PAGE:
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BNY Mellon: liquidity can be a pro and con for tokenization adoption

tokenization digital securities security tokens

It might seem counterintuitive, but liquidity is a key benefit for some tokenized securities issuances and a drawback for others. It depends on the asset class. That was one of the topics discussed by executives from BNY MellonBNP Paribas and others during a digital securities and funds panel at the Crypto Asset Conference this week.

Kurt Zeimers of BNP Paribas noted the benefits of DLT for fund distribution. Ireland and Luxembourg are the jurisdictions of choice for UCITS funds seeking distribution across Europe and worldwide. In contrast, German registered funds are only distributed in Germany. That’s likely to change with Germany’s recently enacted electronic securities act (eWpG) with the possibility of tokenizing fund shares. Now Germany’s so-called crypto securities can be registered on a DLT that is managed internationally.

BNY Mellon’s Benjamin Duve noted that, at a high level, there are two sets of benefits to tokenization. On the one hand, there are efficiencies and improved operating models, and on the “other side is reach, distribution, depending on the asset class there’s liquidity, if you talk about private asset or example”.

Private assets generally don’t currently have liquidity. So any improved reach through tokenization is a bonus. But that doesn’t apply to other asset classes where conventional securities have liquid markets.

As noted in another panel, the lack of secondary marketplaces is one of the key challenges that need to be addressed for tokenization to achieve traction. And something that Europe’s DLT Pilot Regime aims to address.

“Even if you have a buy and hold long term invested asset, you want to be able to trade out of those assets,” observed Duve. “That’s where the difficulty starts. Liquidity is the key.”

We noted that Union Investment bought the entire first EIB €100 million blockchain-based bond. But it only had a two year maturity, so buy and hold wasn’t very long term.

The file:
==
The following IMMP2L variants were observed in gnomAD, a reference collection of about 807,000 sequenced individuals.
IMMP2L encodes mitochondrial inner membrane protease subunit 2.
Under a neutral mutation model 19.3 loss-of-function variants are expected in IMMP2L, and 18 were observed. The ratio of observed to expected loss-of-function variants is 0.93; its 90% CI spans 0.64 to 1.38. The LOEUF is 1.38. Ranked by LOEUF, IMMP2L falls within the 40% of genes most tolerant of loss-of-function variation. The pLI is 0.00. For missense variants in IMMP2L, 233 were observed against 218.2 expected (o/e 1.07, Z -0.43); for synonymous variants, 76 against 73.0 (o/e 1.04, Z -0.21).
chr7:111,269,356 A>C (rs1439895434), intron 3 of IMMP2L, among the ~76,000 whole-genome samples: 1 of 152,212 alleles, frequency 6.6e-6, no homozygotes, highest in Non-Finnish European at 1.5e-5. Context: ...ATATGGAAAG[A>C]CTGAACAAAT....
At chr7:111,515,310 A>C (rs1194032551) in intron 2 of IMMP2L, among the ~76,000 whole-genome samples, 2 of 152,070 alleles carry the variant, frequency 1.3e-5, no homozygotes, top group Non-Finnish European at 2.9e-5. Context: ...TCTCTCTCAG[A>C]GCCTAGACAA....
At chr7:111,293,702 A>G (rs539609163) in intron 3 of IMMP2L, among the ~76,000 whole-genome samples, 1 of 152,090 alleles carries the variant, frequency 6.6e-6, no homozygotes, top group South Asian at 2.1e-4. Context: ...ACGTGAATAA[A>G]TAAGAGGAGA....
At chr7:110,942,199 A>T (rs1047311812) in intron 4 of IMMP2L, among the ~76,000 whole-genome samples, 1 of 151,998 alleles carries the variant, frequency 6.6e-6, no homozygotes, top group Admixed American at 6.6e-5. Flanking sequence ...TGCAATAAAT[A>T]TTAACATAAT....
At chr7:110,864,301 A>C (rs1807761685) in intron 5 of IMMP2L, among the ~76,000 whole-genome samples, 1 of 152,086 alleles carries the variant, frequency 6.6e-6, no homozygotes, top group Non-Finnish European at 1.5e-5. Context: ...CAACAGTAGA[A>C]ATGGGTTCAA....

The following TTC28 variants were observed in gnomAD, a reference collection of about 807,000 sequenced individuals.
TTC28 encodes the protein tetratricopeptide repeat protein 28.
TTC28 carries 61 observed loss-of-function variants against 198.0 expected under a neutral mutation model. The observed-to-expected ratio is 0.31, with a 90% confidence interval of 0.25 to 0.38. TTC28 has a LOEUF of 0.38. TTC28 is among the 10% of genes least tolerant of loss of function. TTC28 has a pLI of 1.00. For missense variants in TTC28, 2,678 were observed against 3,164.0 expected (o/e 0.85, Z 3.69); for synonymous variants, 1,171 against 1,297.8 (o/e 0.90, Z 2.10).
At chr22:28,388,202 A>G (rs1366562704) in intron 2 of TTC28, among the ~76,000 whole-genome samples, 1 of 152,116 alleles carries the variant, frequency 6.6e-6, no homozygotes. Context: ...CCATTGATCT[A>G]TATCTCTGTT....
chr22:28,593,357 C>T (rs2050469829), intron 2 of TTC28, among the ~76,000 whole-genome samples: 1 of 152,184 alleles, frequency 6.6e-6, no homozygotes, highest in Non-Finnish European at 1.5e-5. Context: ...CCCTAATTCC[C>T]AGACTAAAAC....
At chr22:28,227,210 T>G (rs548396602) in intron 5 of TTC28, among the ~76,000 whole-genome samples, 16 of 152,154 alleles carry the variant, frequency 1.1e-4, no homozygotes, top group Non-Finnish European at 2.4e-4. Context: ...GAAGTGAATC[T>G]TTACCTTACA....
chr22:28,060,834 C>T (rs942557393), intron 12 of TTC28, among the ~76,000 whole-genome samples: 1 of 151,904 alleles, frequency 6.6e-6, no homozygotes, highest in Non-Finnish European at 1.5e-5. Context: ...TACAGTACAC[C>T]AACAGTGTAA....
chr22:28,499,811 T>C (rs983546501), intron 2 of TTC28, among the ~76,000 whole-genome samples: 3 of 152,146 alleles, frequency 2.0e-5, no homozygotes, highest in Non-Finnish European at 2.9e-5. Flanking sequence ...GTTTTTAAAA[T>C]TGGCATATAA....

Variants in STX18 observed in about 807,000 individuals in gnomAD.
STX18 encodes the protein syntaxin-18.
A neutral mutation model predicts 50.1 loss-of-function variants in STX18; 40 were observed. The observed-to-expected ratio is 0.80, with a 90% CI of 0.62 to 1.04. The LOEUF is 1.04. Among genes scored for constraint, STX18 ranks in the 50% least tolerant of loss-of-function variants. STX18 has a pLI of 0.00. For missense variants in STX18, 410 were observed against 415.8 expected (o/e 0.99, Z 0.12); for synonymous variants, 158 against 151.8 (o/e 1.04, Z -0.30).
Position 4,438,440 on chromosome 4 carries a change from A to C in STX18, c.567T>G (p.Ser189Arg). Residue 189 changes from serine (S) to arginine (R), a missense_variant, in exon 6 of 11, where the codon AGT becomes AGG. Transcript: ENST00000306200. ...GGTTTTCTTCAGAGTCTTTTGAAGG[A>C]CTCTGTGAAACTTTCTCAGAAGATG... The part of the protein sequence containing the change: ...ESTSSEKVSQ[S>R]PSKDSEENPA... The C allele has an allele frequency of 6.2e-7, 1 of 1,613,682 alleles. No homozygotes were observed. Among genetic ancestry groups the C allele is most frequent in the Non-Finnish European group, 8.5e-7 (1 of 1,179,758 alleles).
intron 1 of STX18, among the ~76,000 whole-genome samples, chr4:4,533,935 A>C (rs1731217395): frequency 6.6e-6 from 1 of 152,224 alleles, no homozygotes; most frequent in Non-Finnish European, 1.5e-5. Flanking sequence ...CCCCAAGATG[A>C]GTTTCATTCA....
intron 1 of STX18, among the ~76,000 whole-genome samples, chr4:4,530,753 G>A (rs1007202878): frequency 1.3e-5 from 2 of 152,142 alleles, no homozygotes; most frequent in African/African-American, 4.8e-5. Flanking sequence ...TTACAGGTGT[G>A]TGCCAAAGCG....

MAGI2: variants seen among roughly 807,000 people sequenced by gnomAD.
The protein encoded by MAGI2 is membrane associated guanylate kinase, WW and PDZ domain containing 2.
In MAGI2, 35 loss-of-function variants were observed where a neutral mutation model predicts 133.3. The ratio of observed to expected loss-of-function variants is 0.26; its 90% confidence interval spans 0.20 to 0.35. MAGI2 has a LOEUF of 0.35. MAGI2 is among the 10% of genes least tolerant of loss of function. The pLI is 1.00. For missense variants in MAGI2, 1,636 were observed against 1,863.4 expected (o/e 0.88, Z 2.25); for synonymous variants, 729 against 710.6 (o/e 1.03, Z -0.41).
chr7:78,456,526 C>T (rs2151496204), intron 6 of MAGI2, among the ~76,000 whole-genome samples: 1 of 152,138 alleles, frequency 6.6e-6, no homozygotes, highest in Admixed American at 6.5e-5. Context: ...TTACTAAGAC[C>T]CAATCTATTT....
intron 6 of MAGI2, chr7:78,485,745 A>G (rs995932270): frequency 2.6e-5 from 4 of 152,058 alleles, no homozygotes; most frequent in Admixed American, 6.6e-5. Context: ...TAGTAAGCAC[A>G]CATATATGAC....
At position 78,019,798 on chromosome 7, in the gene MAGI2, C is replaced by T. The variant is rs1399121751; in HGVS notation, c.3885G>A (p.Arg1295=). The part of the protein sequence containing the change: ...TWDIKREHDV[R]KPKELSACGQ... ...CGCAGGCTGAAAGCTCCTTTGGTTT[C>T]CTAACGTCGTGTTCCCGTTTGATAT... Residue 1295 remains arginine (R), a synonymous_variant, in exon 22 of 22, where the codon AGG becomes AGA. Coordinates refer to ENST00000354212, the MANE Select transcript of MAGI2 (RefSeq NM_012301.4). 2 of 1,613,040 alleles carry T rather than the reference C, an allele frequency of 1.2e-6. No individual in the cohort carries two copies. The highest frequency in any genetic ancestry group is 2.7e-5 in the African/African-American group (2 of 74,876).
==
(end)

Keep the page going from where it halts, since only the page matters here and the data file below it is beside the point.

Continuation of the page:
Private bank Hauck Aufhäuser Lampe recently managed the digital bond issuance for Siemens. Hauck’s Head of Digital Assets, Simon Seiter agreed with Duve that “there are instruments that don’t have access to liquidity pools. For them, it (tokenization) is perfect.” For something highly liquid like an ETF, he believes it’s impossible to do on blockchain. And debt instruments are “OKish”.

Addressing the digital security liquidity issue

However, there are solutions to the liquidity conundrum which the panel didn’t have time to discuss. One answer is for the issuing platform to remove the novel digital issuance feature for some market participants, enabling everyone to trade and settle in the way they normally do.

That’s done by linking digital securities depositories to conventional central securities depositories. That way, the entire market can provide liquidity for digital securities, addressing fragmentation. It’s something that the SIX Digital Exchange did for the UBS digital bond issuance, which at CHF 375 million ($410m) was by far the largest to date that was entirely a native digital issuance. 

This is similar to how it works in conventional markets. In the Eurozone, there is multi-venue trading through linkages between the local CSDs that are members of each other. This allows the settlement to happen at the home CSD. 

So while we wait for more mature digital securities secondary markets, just use the existing secondary markets. Yes, there’s some extra friction during the transition process. But that’s how we get from a to b.